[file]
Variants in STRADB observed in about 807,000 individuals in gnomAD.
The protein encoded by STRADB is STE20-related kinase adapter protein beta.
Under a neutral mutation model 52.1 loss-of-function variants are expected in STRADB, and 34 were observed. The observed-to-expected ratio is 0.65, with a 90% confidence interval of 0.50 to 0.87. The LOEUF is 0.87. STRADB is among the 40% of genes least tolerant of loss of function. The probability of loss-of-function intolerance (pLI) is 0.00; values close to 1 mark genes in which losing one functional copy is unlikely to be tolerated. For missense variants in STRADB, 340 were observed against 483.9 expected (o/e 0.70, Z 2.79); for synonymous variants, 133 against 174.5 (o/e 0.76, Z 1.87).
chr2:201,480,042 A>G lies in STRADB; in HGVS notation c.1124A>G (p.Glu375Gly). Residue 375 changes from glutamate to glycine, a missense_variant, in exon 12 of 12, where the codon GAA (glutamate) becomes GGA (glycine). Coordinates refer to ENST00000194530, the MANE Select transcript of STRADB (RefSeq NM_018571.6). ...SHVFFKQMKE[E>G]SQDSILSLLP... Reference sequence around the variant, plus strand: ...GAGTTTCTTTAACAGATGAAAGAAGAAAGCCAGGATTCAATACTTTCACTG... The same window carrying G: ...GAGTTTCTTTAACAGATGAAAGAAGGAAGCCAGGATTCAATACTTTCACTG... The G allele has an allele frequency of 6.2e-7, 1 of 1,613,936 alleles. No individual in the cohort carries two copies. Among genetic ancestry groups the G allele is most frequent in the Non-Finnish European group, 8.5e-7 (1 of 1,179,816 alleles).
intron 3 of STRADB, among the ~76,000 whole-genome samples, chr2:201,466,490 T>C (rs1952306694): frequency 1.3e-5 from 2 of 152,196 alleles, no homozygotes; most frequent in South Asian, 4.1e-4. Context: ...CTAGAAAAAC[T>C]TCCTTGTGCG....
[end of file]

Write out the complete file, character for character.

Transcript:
Variants in STRADB observed in about 807,000 individuals in gnomAD.
The protein encoded by STRADB is STE20-related kinase adapter protein beta.
Under a neutral mutation model 52.1 loss-of-function variants are expected in STRADB, and 34 were observed. The observed-to-expected ratio is 0.65, with a 90% confidence interval of 0.50 to 0.87. The LOEUF is 0.87. STRADB is among the 40% of genes least tolerant of loss of function. The probability of loss-of-function intolerance (pLI) is 0.00; values close to 1 mark genes in which losing one functional copy is unlikely to be tolerated. For missense variants in STRADB, 340 were observed against 483.9 expected (o/e 0.70, Z 2.79); for synonymous variants, 133 against 174.5 (o/e 0.76, Z 1.87).
chr2:201,480,042 A>G lies in STRADB; in HGVS notation c.1124A>G (p.Glu375Gly). Residue 375 changes from glutamate to glycine, a missense_variant, in exon 12 of 12, where the codon GAA (glutamate) becomes GGA (glycine). Coordinates refer to ENST00000194530, the MANE Select transcript of STRADB (RefSeq NM_018571.6). ...SHVFFKQMKE[E>G]SQDSILSLLP... Reference sequence around the variant, plus strand: ...GAGTTTCTTTAACAGATGAAAGAAGAAAGCCAGGATTCAATACTTTCACTG... The same window carrying G: ...GAGTTTCTTTAACAGATGAAAGAAGGAAGCCAGGATTCAATACTTTCACTG... The G allele has an allele frequency of 6.2e-7, 1 of 1,613,936 alleles. No individual in the cohort carries two copies. Among genetic ancestry groups the G allele is most frequent in the Non-Finnish European group, 8.5e-7 (1 of 1,179,816 alleles).
intron 3 of STRADB, among the ~76,000 whole-genome samples, chr2:201,466,490 T>C (rs1952306694): frequency 1.3e-5 from 2 of 152,196 alleles, no homozygotes; most frequent in South Asian, 4.1e-4. Context: ...CTAGAAAAAC[T>C]TCCTTGTGCG....